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The Science of Interrogation

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#1 status - Canary

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Posted 12 September 2016 - 05:03 PM

Interrogation is a form of science, specifically of human behavior, and most people are not good with carrying this out with good results. The wrong questions can break the case, which is why it is important to understand the science and the psyche behind it. 
Confronting a suspect face-to-face might be the only chance police have to reveal the truth about a crime. In this series, watch as dramatic re-enactments demonstrate how the experts see through deception. Learn whether it is possible for the innocent to prevail when they are facing a professional interrogator and how the power of psychology helps to lift the secrecy on acts of malice and revenge.

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#2 status - Pigs on a wing

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Posted 16 September 2016 - 10:24 AM

Water boarding works.


Throw them in pits filled with shit.


Threaten their families. 


Sanction their well being!


They'll talk soon enough. 

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#3 status - Free base

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Posted 23 September 2016 - 01:01 AM

The pre and post-polygraph interviews are used to establish a baseline prior to the examination, and to refine follow-up questions afterward.  Pre-examination interviews can be just as useful in standard interrogation.  A baseline must be established.  Much has been written, some of it inaccurate in fact, about common “tells” that people exhibit when telling a lie.  Although these ideas of tells are based in truth, they are not consistent between all people.  Just like in poker, every person will have their own little quirks and ticks that can indicate whether they are playing it straight, or about to lay out a whopper of a bluff.  Most people do not spend any time trying to defeat these tells or reduce their presence.  That is why you see so many people playing poker on television while wearing large, floppy hats, wide sunglasses, and facial hair.  Those coverings can reduce the visibility of the player’s tells.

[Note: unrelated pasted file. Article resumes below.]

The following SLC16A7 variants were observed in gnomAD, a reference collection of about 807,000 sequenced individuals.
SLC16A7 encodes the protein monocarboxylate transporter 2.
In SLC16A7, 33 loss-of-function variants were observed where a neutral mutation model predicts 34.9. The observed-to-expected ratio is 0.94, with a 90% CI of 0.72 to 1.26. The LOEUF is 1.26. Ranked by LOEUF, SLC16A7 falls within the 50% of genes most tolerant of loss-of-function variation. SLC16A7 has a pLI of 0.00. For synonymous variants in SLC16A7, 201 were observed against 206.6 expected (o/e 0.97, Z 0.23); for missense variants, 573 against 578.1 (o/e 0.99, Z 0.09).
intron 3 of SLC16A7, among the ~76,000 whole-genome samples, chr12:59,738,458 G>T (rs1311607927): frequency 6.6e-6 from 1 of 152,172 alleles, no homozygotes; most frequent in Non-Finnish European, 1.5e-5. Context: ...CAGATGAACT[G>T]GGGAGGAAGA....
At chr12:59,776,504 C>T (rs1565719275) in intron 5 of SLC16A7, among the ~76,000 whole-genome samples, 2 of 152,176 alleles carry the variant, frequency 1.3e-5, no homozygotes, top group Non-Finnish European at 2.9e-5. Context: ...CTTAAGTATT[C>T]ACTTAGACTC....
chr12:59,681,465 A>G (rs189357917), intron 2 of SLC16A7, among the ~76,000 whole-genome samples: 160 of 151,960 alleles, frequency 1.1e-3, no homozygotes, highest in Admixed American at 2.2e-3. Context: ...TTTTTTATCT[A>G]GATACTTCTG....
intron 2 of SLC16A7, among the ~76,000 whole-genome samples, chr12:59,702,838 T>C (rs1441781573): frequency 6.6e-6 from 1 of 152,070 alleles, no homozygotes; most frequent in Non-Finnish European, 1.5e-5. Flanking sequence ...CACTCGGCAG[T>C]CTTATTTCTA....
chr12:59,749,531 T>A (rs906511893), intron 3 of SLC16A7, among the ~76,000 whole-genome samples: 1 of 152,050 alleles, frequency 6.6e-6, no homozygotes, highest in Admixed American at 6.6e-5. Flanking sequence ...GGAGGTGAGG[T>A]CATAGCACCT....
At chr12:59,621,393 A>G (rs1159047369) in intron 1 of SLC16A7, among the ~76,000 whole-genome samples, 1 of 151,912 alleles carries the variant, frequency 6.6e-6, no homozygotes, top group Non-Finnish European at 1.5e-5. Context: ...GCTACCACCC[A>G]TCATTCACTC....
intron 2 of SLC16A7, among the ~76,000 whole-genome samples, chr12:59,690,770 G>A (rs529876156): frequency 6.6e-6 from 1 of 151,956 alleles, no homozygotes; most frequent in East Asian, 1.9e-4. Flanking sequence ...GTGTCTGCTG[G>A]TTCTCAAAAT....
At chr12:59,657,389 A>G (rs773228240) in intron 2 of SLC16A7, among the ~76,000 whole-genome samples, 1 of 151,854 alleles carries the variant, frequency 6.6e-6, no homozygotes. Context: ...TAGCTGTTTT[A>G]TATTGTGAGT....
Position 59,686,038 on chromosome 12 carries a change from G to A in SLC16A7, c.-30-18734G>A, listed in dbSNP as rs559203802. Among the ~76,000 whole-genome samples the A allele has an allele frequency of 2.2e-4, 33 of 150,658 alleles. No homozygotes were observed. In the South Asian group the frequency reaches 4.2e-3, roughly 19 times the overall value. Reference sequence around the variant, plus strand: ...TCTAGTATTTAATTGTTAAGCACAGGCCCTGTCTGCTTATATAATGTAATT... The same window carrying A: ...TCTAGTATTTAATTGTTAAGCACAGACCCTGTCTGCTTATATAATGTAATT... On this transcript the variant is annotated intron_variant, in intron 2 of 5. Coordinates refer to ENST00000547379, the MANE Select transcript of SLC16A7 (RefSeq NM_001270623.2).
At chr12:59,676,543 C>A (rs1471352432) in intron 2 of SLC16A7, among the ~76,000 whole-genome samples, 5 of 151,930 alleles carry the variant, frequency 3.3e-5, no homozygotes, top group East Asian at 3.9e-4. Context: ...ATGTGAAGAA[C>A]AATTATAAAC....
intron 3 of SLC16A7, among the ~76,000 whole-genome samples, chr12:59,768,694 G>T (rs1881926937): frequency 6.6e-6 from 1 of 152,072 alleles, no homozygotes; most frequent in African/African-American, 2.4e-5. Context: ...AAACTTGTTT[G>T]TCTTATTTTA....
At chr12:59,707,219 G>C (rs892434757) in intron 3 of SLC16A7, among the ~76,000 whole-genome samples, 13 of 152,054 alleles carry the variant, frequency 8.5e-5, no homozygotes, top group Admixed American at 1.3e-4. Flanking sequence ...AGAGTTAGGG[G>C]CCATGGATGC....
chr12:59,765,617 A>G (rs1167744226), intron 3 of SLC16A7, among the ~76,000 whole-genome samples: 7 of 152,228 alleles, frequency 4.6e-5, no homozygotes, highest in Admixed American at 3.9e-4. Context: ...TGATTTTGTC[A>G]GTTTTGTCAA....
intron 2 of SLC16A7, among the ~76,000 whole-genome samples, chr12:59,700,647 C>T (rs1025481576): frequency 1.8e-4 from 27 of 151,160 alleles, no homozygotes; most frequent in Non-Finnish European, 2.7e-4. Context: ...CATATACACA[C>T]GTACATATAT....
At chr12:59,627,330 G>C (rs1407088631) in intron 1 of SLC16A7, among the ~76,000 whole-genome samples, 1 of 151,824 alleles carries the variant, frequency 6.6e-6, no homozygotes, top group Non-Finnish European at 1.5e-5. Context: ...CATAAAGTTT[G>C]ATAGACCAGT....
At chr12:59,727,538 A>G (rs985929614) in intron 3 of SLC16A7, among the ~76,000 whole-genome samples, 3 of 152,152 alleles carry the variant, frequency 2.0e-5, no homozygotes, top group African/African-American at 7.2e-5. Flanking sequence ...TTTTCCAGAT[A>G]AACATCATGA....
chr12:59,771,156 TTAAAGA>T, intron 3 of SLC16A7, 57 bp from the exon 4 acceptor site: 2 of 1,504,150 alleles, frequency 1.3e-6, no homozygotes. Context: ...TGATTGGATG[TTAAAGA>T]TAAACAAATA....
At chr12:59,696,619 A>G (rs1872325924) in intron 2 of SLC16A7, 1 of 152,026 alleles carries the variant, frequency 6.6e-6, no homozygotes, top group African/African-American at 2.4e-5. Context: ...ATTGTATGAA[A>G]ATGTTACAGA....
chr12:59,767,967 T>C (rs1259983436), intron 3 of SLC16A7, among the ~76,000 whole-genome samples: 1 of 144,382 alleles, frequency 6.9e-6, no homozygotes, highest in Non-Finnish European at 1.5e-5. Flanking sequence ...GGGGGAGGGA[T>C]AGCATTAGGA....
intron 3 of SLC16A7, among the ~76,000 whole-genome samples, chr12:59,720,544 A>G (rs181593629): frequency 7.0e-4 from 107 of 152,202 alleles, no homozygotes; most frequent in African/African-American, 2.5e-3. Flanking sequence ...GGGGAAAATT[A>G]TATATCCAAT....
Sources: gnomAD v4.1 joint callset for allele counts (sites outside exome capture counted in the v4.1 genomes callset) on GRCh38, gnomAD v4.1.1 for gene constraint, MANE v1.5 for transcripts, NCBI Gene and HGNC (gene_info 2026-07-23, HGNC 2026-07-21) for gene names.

The baseline is established by creating a relaxed atmosphere for the subject.  Simple, innocuous questions are asked; questions for which you expect an honest answer.  Your age.  Your height.  Where you were born.  The age of your parents.  How long you have lived in a specific area.  These are all baseline questions.  The person may exhibit some form of discomfort or anxiety because they are being questioned, but those traits should be different than when they are exhibiting deceptive behavior.  Once you have the baseline, you now know what that person’s normal behavior are and can judge when that behavior changes.
Discomfort and anxiety in and of themselves do not always indicate deception, however.  Each person will react differently, but within certain parameters of human behavior.  The key is to understand how that person acts and reacts when they are being honest.  That is your baseline for further questioning when attempts at deception will be more likely.  Even those who believe themselves to be smooth and composed under pressure will exhibit some form of behavior that indicates their deception.  It is the job of the trained interrogator to be able to spot them and capitalize upon them during the interrogation.  Some are so subtle that they are referred to as “Micro-tells.”  A very discriminating eye is required to spot them.  This skill generally comes with many years of experience looking into the face of an accomplished liar.

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#4 status - Reid

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Posted 23 September 2016 - 01:12 AM

The Psychology of Interrogtions and Confessions

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